I know, I know. You were worried since I haven't mentioned anything since I chronicled the ordeal in this blog entry. I also announced Jen's pregnancy and the future arrival of two babies coming this summer. However, most people focused on the broken salt grinder and I've received an outpouring of support and guidance on how to deal with the matter of the broken salt grinder.
However, I have an announcement to make tonight. All our worries are over.
I got this salt grinder in the mail. While only one quarter the size of our old, ridiculously large grinder, it does the job of representing the shameless visage of Mario Batali. It's good because Mario Batali could use the money. All he needs to do is sell 208,083 of these salt mills to cover his legal bills. That is, of course, assuming there is absolutely no production cost involved in their manufacture. If there is then my estimate will need to be revised upward significantly.
The other surprising bit is that it's made by Vic Firth who I had no idea were in any sort of business other than the manufacture of drum sticks.
Tonight we had dinner guests, something that hasn't happened in a while. I wonder if it has anything to do with the fact that most people find it odd that I spend ten minutes taking pictures before anyone is allowed to eat.
I started off by putting out this nice Kerrygold Vintage Cheddar with grapes and crackers.
I wanted to make lamb and Guinness stew but I thought it would be pretty irresponsible to go and purchase some Guinness considering how many other miscellaneous stouts I had in the fridge and in my beer cellar (also known as my cupboard).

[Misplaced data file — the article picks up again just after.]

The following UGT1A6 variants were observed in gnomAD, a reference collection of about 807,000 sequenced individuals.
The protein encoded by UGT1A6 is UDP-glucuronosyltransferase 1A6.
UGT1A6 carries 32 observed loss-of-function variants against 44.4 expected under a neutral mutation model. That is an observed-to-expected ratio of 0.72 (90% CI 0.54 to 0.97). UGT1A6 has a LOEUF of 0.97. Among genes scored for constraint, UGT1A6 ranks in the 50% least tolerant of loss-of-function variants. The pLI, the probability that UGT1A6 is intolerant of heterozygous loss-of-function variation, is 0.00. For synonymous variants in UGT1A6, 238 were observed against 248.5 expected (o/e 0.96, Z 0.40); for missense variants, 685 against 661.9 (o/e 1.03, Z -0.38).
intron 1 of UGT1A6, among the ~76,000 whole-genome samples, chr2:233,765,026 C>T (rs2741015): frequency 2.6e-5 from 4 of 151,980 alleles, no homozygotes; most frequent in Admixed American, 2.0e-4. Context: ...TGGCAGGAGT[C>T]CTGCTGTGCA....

Instead I chose to use this Black Belgian Stout from Allagash Brewing Company in Portland, Maine. I'd purchased it on my trip up to the brewery back last October and I hadn't had it since then.
It was every bit as delicious as I remembered it.
I cooked some garlic, onion, celery, carrot, potatoes, and turnip down with some salt and pepper and also browned up the lamb stew meat before combining it all together with the Allagash Black and some chicken stock and throwing it in the oven for a couple of hours. At the end I sauteed some English peas and tossed them together with the stew.
For beer, naturally, I poured the remainder of the Allgash Black. I wish that my cold was gone so that I could fully appreciate the flavor of this one. Much like last night I was left with the impression that it was beery and delicious but I couldn't really pick up a lot of the subtleties. Luckily I'd had this one before so it wasn't a total waste.
For dessert Jen made her famous family recipe of Napoleans, a classic treat which emulates the desserts of the 1950s.
Now I know why people romanticize the 1950s so much despite the fact that the world was clearly a worse place. With desserts like this around it would tend to skew your memory. It's hard to remember all the pollution and government sponsored racism when you remember your mother's delicious dessert bars.